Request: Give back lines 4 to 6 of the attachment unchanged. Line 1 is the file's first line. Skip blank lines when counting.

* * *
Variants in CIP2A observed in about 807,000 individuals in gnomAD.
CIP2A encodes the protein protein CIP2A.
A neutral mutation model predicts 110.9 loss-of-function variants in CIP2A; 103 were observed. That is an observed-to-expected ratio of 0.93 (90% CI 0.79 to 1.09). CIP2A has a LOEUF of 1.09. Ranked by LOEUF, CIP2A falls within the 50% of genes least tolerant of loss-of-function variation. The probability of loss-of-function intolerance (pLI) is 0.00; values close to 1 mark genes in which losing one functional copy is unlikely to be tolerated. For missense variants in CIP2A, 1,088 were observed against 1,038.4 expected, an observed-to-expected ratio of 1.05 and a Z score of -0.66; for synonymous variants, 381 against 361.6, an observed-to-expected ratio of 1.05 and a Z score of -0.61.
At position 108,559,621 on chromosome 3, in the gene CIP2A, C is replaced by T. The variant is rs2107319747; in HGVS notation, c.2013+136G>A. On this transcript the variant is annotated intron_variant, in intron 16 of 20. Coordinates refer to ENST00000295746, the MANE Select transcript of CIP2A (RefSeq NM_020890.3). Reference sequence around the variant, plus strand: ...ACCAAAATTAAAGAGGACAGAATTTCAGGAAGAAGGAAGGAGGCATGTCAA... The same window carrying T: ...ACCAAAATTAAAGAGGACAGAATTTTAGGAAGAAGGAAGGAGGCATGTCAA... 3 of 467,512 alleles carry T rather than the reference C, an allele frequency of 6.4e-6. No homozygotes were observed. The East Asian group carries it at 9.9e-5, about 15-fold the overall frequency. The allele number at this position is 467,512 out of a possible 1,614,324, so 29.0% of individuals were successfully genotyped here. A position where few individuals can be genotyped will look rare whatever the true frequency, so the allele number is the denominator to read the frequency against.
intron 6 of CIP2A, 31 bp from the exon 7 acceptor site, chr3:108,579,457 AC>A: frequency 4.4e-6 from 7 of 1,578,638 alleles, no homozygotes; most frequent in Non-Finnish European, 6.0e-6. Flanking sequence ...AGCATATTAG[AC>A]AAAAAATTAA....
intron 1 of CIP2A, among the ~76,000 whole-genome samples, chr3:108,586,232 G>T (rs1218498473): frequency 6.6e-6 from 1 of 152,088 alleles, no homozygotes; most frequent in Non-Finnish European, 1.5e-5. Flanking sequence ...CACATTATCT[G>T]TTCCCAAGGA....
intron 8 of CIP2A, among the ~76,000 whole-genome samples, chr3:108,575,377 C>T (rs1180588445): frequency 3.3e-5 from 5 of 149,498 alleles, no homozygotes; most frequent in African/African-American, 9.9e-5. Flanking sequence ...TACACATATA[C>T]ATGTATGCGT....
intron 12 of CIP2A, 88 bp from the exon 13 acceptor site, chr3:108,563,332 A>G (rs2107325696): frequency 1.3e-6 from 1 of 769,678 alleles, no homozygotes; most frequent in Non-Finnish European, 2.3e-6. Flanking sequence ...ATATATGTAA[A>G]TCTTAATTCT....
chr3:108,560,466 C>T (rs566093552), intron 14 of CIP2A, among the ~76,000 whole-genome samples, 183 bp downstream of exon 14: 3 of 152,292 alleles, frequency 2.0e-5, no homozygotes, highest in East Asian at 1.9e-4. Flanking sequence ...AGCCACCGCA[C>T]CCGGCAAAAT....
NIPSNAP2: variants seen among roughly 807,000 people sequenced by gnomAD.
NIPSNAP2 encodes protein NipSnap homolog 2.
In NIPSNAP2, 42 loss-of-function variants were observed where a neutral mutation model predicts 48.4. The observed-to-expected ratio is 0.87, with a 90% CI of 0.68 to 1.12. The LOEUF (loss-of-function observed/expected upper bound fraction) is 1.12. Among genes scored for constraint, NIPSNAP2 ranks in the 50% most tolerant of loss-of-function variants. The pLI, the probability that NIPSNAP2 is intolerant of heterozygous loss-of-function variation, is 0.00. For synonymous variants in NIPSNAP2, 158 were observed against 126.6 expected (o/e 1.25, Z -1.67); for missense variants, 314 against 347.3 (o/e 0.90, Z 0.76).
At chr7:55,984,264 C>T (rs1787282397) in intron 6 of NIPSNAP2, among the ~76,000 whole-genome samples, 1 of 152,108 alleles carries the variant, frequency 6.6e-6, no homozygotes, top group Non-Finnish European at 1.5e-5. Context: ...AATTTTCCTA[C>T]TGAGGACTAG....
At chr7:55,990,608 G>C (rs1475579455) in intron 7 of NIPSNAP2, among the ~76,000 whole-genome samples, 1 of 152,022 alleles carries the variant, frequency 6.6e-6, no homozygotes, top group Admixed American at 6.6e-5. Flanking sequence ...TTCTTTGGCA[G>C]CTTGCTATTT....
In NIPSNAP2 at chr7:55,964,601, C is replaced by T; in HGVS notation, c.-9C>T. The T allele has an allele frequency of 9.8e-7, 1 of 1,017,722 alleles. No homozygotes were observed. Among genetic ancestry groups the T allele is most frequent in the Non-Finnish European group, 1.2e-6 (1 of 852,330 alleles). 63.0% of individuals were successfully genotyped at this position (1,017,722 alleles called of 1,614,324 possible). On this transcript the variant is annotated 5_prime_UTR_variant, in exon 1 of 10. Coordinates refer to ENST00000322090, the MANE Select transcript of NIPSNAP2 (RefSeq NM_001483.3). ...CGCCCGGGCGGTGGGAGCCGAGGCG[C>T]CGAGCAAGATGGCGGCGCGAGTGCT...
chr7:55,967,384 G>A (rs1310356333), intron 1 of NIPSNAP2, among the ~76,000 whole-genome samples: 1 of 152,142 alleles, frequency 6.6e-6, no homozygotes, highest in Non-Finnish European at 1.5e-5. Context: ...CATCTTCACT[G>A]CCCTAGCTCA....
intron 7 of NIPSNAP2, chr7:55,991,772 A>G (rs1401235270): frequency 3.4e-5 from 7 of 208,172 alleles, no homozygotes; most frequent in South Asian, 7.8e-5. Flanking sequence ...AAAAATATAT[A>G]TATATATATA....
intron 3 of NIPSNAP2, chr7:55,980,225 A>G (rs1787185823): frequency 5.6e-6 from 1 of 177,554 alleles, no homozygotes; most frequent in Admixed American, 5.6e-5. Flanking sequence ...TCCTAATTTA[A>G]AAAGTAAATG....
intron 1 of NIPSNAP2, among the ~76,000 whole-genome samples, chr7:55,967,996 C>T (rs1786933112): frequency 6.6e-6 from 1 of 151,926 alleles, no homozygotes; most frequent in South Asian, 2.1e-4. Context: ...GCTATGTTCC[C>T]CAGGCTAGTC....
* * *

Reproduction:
At position 108,559,621 on chromosome 3, in the gene CIP2A, C is replaced by T. The variant is rs2107319747; in HGVS notation, c.2013+136G>A. On this transcript the variant is annotated intron_variant, in intron 16 of 20. Coordinates refer to ENST00000295746, the MANE Select transcript of CIP2A (RefSeq NM_020890.3). Reference sequence around the variant, plus strand: ...ACCAAAATTAAAGAGGACAGAATTTCAGGAAGAAGGAAGGAGGCATGTCAA... The same window carrying T: ...ACCAAAATTAAAGAGGACAGAATTTTAGGAAGAAGGAAGGAGGCATGTCAA... 3 of 467,512 alleles carry T rather than the reference C, an allele frequency of 6.4e-6. No homozygotes were observed. The East Asian group carries it at 9.9e-5, about 15-fold the overall frequency. The allele number at this position is 467,512 out of a possible 1,614,324, so 29.0% of individuals were successfully genotyped here. A position where few individuals can be genotyped will look rare whatever the true frequency, so the allele number is the denominator to read the frequency against.
intron 6 of CIP2A, 31 bp from the exon 7 acceptor site, chr3:108,579,457 AC>A: frequency 4.4e-6 from 7 of 1,578,638 alleles, no homozygotes; most frequent in Non-Finnish European, 6.0e-6. Flanking sequence ...AGCATATTAG[AC>A]AAAAAATTAA....
intron 1 of CIP2A, among the ~76,000 whole-genome samples, chr3:108,586,232 G>T (rs1218498473): frequency 6.6e-6 from 1 of 152,088 alleles, no homozygotes; most frequent in Non-Finnish European, 1.5e-5. Flanking sequence ...CACATTATCT[G>T]TTCCCAAGGA....